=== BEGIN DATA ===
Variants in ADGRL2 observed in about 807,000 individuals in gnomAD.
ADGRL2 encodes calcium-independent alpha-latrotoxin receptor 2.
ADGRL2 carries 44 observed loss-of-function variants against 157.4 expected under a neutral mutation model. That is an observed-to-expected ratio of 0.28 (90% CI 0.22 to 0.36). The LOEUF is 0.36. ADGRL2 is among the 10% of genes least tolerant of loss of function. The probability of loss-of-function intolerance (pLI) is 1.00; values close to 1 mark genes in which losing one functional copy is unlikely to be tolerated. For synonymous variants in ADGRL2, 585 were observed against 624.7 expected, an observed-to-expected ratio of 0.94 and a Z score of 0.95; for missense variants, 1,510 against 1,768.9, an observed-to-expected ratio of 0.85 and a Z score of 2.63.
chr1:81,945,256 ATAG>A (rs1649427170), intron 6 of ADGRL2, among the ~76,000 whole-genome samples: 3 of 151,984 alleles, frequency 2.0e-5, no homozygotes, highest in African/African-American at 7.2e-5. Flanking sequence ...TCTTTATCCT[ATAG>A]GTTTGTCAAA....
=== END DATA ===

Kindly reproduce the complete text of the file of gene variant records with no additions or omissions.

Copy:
Variants in ADGRL2 observed in about 807,000 individuals in gnomAD.
ADGRL2 encodes calcium-independent alpha-latrotoxin receptor 2.
ADGRL2 carries 44 observed loss-of-function variants against 157.4 expected under a neutral mutation model. That is an observed-to-expected ratio of 0.28 (90% CI 0.22 to 0.36). The LOEUF is 0.36. ADGRL2 is among the 10% of genes least tolerant of loss of function. The probability of loss-of-function intolerance (pLI) is 1.00; values close to 1 mark genes in which losing one functional copy is unlikely to be tolerated. For synonymous variants in ADGRL2, 585 were observed against 624.7 expected, an observed-to-expected ratio of 0.94 and a Z score of 0.95; for missense variants, 1,510 against 1,768.9, an observed-to-expected ratio of 0.85 and a Z score of 2.63.
chr1:81,945,256 ATAG>A (rs1649427170), intron 6 of ADGRL2, among the ~76,000 whole-genome samples: 3 of 151,984 alleles, frequency 2.0e-5, no homozygotes, highest in African/African-American at 7.2e-5. Flanking sequence ...TCTTTATCCT[ATAG>A]GTTTGTCAAA....